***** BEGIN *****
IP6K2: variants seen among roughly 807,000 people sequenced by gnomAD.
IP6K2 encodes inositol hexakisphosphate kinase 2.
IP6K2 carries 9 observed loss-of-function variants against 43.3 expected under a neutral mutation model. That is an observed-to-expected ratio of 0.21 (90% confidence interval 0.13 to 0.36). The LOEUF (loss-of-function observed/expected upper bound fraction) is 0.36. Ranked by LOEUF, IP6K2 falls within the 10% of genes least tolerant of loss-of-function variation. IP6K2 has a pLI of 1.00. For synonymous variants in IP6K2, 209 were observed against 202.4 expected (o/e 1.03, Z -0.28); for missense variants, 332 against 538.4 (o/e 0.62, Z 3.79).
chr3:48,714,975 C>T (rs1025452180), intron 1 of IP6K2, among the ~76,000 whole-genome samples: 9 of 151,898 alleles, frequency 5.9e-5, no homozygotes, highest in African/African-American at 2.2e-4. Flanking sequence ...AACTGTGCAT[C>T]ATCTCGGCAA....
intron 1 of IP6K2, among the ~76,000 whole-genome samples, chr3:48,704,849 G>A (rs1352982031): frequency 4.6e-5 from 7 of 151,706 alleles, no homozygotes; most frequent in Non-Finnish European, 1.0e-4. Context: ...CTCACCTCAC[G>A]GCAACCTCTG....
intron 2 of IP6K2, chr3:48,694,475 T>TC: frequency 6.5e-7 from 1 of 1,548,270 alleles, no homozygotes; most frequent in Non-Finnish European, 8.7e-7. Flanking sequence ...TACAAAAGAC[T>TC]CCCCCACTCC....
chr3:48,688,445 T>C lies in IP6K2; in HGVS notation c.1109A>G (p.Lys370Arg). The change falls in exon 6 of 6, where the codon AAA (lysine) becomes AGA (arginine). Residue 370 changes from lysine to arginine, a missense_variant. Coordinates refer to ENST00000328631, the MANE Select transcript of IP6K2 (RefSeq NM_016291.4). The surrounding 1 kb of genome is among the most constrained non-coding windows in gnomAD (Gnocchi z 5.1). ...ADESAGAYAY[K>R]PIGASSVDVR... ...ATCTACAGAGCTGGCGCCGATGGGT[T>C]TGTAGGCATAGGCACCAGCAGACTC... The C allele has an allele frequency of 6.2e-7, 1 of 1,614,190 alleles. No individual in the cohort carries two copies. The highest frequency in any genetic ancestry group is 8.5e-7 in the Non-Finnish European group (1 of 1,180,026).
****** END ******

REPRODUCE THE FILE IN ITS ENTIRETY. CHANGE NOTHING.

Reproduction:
IP6K2: variants seen among roughly 807,000 people sequenced by gnomAD.
IP6K2 encodes inositol hexakisphosphate kinase 2.
IP6K2 carries 9 observed loss-of-function variants against 43.3 expected under a neutral mutation model. That is an observed-to-expected ratio of 0.21 (90% confidence interval 0.13 to 0.36). The LOEUF (loss-of-function observed/expected upper bound fraction) is 0.36. Ranked by LOEUF, IP6K2 falls within the 10% of genes least tolerant of loss-of-function variation. IP6K2 has a pLI of 1.00. For synonymous variants in IP6K2, 209 were observed against 202.4 expected (o/e 1.03, Z -0.28); for missense variants, 332 against 538.4 (o/e 0.62, Z 3.79).
chr3:48,714,975 C>T (rs1025452180), intron 1 of IP6K2, among the ~76,000 whole-genome samples: 9 of 151,898 alleles, frequency 5.9e-5, no homozygotes, highest in African/African-American at 2.2e-4. Flanking sequence ...AACTGTGCAT[C>T]ATCTCGGCAA....
intron 1 of IP6K2, among the ~76,000 whole-genome samples, chr3:48,704,849 G>A (rs1352982031): frequency 4.6e-5 from 7 of 151,706 alleles, no homozygotes; most frequent in Non-Finnish European, 1.0e-4. Context: ...CTCACCTCAC[G>A]GCAACCTCTG....
intron 2 of IP6K2, chr3:48,694,475 T>TC: frequency 6.5e-7 from 1 of 1,548,270 alleles, no homozygotes; most frequent in Non-Finnish European, 8.7e-7. Flanking sequence ...TACAAAAGAC[T>TC]CCCCCACTCC....
chr3:48,688,445 T>C lies in IP6K2; in HGVS notation c.1109A>G (p.Lys370Arg). The change falls in exon 6 of 6, where the codon AAA (lysine) becomes AGA (arginine). Residue 370 changes from lysine to arginine, a missense_variant. Coordinates refer to ENST00000328631, the MANE Select transcript of IP6K2 (RefSeq NM_016291.4). The surrounding 1 kb of genome is among the most constrained non-coding windows in gnomAD (Gnocchi z 5.1). ...ADESAGAYAY[K>R]PIGASSVDVR... ...ATCTACAGAGCTGGCGCCGATGGGT[T>C]TGTAGGCATAGGCACCAGCAGACTC... The C allele has an allele frequency of 6.2e-7, 1 of 1,614,190 alleles. No individual in the cohort carries two copies. The highest frequency in any genetic ancestry group is 8.5e-7 in the Non-Finnish European group (1 of 1,180,026).